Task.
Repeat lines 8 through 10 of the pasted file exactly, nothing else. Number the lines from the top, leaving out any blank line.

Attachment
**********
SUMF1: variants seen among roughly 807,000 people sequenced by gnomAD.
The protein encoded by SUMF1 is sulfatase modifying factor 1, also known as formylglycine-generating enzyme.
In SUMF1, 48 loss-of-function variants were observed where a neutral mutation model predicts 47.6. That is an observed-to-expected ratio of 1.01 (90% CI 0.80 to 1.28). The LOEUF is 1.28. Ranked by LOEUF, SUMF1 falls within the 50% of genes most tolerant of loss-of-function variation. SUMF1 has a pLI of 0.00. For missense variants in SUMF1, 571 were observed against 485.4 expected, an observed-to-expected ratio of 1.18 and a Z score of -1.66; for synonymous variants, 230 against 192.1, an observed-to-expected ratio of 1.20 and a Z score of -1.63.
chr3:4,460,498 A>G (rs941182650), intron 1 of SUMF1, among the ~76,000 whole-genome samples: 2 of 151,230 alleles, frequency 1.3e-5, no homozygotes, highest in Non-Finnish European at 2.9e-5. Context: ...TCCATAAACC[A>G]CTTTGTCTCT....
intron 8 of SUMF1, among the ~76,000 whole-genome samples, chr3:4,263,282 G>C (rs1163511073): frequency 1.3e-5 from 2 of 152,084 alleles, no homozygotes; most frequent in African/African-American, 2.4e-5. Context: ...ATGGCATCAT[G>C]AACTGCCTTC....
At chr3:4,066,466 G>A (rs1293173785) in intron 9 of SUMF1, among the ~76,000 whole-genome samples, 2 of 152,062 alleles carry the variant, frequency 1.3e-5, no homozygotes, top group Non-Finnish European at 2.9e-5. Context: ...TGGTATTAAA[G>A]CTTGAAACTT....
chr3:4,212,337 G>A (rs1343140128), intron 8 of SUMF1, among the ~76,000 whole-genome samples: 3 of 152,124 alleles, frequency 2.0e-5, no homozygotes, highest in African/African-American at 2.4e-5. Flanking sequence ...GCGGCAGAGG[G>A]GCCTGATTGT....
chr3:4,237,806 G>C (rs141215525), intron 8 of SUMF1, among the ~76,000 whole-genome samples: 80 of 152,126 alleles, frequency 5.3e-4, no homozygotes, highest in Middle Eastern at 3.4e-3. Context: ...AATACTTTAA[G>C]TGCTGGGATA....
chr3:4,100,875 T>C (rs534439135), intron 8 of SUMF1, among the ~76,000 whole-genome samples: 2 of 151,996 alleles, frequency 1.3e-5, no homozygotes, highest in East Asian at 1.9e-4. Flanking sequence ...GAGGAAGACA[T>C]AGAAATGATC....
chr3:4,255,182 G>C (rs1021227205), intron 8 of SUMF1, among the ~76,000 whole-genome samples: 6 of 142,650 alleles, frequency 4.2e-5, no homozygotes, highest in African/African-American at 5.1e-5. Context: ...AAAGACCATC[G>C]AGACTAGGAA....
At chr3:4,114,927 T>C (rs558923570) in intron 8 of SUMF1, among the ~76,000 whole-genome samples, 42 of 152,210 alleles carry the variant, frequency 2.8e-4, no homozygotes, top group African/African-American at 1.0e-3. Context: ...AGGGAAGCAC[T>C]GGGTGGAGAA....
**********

chr3:4,237,806 G>C (rs141215525), intron 8 of SUMF1, among the ~76,000 whole-genome samples: 80 of 152,126 alleles, frequency 5.3e-4, no homozygotes, highest in Middle Eastern at 3.4e-3. Context: ...AATACTTTAA[G>C]TGCTGGGATA....
chr3:4,100,875 T>C (rs534439135), intron 8 of SUMF1, among the ~76,000 whole-genome samples: 2 of 151,996 alleles, frequency 1.3e-5, no homozygotes, highest in East Asian at 1.9e-4. Flanking sequence ...GAGGAAGACA[T>C]AGAAATGATC....
chr3:4,255,182 G>C (rs1021227205), intron 8 of SUMF1, among the ~76,000 whole-genome samples: 6 of 142,650 alleles, frequency 4.2e-5, no homozygotes, highest in African/African-American at 5.1e-5. Context: ...AAAGACCATC[G>C]AGACTAGGAA....